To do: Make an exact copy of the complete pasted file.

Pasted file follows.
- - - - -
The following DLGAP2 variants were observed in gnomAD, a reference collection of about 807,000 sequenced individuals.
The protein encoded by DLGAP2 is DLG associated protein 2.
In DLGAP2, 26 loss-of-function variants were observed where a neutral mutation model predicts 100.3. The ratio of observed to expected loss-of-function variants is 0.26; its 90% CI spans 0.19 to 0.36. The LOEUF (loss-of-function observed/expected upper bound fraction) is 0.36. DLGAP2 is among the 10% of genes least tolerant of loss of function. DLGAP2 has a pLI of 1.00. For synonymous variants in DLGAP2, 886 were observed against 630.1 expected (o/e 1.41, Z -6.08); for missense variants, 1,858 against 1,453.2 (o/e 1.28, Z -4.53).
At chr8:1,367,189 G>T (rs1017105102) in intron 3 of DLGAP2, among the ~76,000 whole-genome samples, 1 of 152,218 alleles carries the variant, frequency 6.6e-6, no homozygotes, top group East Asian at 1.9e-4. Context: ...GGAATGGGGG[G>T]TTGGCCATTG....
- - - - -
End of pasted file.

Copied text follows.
The following DLGAP2 variants were observed in gnomAD, a reference collection of about 807,000 sequenced individuals.
The protein encoded by DLGAP2 is DLG associated protein 2.
In DLGAP2, 26 loss-of-function variants were observed where a neutral mutation model predicts 100.3. The ratio of observed to expected loss-of-function variants is 0.26; its 90% CI spans 0.19 to 0.36. The LOEUF (loss-of-function observed/expected upper bound fraction) is 0.36. DLGAP2 is among the 10% of genes least tolerant of loss of function. DLGAP2 has a pLI of 1.00. For synonymous variants in DLGAP2, 886 were observed against 630.1 expected (o/e 1.41, Z -6.08); for missense variants, 1,858 against 1,453.2 (o/e 1.28, Z -4.53).
At chr8:1,367,189 G>T (rs1017105102) in intron 3 of DLGAP2, among the ~76,000 whole-genome samples, 1 of 152,218 alleles carries the variant, frequency 6.6e-6, no homozygotes, top group East Asian at 1.9e-4. Context: ...GGAATGGGGG[G>T]TTGGCCATTG....